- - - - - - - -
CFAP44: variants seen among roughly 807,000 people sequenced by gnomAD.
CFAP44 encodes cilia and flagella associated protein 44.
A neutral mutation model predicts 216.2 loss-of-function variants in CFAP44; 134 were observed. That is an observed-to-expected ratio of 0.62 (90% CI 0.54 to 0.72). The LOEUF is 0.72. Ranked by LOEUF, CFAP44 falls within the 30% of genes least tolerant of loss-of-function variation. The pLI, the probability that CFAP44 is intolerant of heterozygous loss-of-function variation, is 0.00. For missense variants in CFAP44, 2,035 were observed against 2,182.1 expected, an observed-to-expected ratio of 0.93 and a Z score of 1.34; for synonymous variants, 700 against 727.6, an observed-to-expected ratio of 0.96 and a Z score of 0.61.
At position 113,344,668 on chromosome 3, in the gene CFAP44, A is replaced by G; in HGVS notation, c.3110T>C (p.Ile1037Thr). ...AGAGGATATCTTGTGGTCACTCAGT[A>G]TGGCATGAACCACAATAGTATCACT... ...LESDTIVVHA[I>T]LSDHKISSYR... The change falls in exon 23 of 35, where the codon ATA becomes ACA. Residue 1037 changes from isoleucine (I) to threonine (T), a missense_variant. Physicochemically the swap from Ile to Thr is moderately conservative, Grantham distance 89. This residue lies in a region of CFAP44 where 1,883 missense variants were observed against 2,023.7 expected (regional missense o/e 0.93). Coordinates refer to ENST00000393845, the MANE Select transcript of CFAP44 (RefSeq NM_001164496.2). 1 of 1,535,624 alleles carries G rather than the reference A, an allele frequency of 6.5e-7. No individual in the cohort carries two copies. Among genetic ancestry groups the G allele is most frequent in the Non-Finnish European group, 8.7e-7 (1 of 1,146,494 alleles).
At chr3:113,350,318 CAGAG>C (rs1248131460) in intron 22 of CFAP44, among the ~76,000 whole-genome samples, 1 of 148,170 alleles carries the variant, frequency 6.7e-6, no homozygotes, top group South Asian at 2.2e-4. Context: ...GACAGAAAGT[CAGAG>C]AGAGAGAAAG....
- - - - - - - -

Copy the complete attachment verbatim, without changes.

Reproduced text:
CFAP44: variants seen among roughly 807,000 people sequenced by gnomAD.
CFAP44 encodes cilia and flagella associated protein 44.
A neutral mutation model predicts 216.2 loss-of-function variants in CFAP44; 134 were observed. That is an observed-to-expected ratio of 0.62 (90% CI 0.54 to 0.72). The LOEUF is 0.72. Ranked by LOEUF, CFAP44 falls within the 30% of genes least tolerant of loss-of-function variation. The pLI, the probability that CFAP44 is intolerant of heterozygous loss-of-function variation, is 0.00. For missense variants in CFAP44, 2,035 were observed against 2,182.1 expected, an observed-to-expected ratio of 0.93 and a Z score of 1.34; for synonymous variants, 700 against 727.6, an observed-to-expected ratio of 0.96 and a Z score of 0.61.
At position 113,344,668 on chromosome 3, in the gene CFAP44, A is replaced by G; in HGVS notation, c.3110T>C (p.Ile1037Thr). ...AGAGGATATCTTGTGGTCACTCAGT[A>G]TGGCATGAACCACAATAGTATCACT... ...LESDTIVVHA[I>T]LSDHKISSYR... The change falls in exon 23 of 35, where the codon ATA becomes ACA. Residue 1037 changes from isoleucine (I) to threonine (T), a missense_variant. Physicochemically the swap from Ile to Thr is moderately conservative, Grantham distance 89. This residue lies in a region of CFAP44 where 1,883 missense variants were observed against 2,023.7 expected (regional missense o/e 0.93). Coordinates refer to ENST00000393845, the MANE Select transcript of CFAP44 (RefSeq NM_001164496.2). 1 of 1,535,624 alleles carries G rather than the reference A, an allele frequency of 6.5e-7. No individual in the cohort carries two copies. Among genetic ancestry groups the G allele is most frequent in the Non-Finnish European group, 8.7e-7 (1 of 1,146,494 alleles).
At chr3:113,350,318 CAGAG>C (rs1248131460) in intron 22 of CFAP44, among the ~76,000 whole-genome samples, 1 of 148,170 alleles carries the variant, frequency 6.7e-6, no homozygotes, top group South Asian at 2.2e-4. Context: ...GACAGAAAGT[CAGAG>C]AGAGAGAAAG....